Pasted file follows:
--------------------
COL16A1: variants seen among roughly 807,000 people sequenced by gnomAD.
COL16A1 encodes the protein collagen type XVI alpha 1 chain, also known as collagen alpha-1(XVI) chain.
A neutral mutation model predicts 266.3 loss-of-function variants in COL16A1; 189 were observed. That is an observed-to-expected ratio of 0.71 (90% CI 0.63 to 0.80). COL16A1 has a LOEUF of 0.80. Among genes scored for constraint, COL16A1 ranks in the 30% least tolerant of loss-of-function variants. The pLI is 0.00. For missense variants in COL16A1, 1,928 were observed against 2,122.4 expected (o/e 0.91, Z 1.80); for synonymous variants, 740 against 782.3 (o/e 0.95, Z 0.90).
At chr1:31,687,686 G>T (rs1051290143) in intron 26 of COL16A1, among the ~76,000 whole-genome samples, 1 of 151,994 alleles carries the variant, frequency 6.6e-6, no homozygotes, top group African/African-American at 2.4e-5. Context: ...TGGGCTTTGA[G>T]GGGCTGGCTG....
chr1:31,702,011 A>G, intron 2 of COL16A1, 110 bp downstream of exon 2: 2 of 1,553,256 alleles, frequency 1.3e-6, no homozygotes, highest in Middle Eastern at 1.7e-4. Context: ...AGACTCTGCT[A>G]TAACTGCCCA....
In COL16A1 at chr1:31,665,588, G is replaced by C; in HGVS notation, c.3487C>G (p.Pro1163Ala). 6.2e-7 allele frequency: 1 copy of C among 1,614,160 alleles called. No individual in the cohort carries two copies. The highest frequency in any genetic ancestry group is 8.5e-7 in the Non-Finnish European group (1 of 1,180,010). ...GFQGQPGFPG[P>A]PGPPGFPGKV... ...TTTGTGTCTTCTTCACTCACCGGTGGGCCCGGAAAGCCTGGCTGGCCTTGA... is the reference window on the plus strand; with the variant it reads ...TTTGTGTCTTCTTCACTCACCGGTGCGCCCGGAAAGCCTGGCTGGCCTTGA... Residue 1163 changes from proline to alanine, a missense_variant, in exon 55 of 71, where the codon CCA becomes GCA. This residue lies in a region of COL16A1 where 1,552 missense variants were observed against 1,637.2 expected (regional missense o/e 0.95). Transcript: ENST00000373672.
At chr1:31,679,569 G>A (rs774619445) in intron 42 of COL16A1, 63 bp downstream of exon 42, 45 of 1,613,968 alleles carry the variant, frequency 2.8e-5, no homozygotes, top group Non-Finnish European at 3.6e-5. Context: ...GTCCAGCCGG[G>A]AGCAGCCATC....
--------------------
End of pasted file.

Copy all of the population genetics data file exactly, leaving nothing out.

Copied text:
COL16A1: variants seen among roughly 807,000 people sequenced by gnomAD.
COL16A1 encodes the protein collagen type XVI alpha 1 chain, also known as collagen alpha-1(XVI) chain.
A neutral mutation model predicts 266.3 loss-of-function variants in COL16A1; 189 were observed. That is an observed-to-expected ratio of 0.71 (90% CI 0.63 to 0.80). COL16A1 has a LOEUF of 0.80. Among genes scored for constraint, COL16A1 ranks in the 30% least tolerant of loss-of-function variants. The pLI is 0.00. For missense variants in COL16A1, 1,928 were observed against 2,122.4 expected (o/e 0.91, Z 1.80); for synonymous variants, 740 against 782.3 (o/e 0.95, Z 0.90).
At chr1:31,687,686 G>T (rs1051290143) in intron 26 of COL16A1, among the ~76,000 whole-genome samples, 1 of 151,994 alleles carries the variant, frequency 6.6e-6, no homozygotes, top group African/African-American at 2.4e-5. Context: ...TGGGCTTTGA[G>T]GGGCTGGCTG....
chr1:31,702,011 A>G, intron 2 of COL16A1, 110 bp downstream of exon 2: 2 of 1,553,256 alleles, frequency 1.3e-6, no homozygotes, highest in Middle Eastern at 1.7e-4. Context: ...AGACTCTGCT[A>G]TAACTGCCCA....
In COL16A1 at chr1:31,665,588, G is replaced by C; in HGVS notation, c.3487C>G (p.Pro1163Ala). 6.2e-7 allele frequency: 1 copy of C among 1,614,160 alleles called. No individual in the cohort carries two copies. The highest frequency in any genetic ancestry group is 8.5e-7 in the Non-Finnish European group (1 of 1,180,010). ...GFQGQPGFPG[P>A]PGPPGFPGKV... ...TTTGTGTCTTCTTCACTCACCGGTGGGCCCGGAAAGCCTGGCTGGCCTTGA... is the reference window on the plus strand; with the variant it reads ...TTTGTGTCTTCTTCACTCACCGGTGCGCCCGGAAAGCCTGGCTGGCCTTGA... Residue 1163 changes from proline to alanine, a missense_variant, in exon 55 of 71, where the codon CCA becomes GCA. This residue lies in a region of COL16A1 where 1,552 missense variants were observed against 1,637.2 expected (regional missense o/e 0.95). Transcript: ENST00000373672.
At chr1:31,679,569 G>A (rs774619445) in intron 42 of COL16A1, 63 bp downstream of exon 42, 45 of 1,613,968 alleles carry the variant, frequency 2.8e-5, no homozygotes, top group Non-Finnish European at 3.6e-5. Context: ...GTCCAGCCGG[G>A]AGCAGCCATC....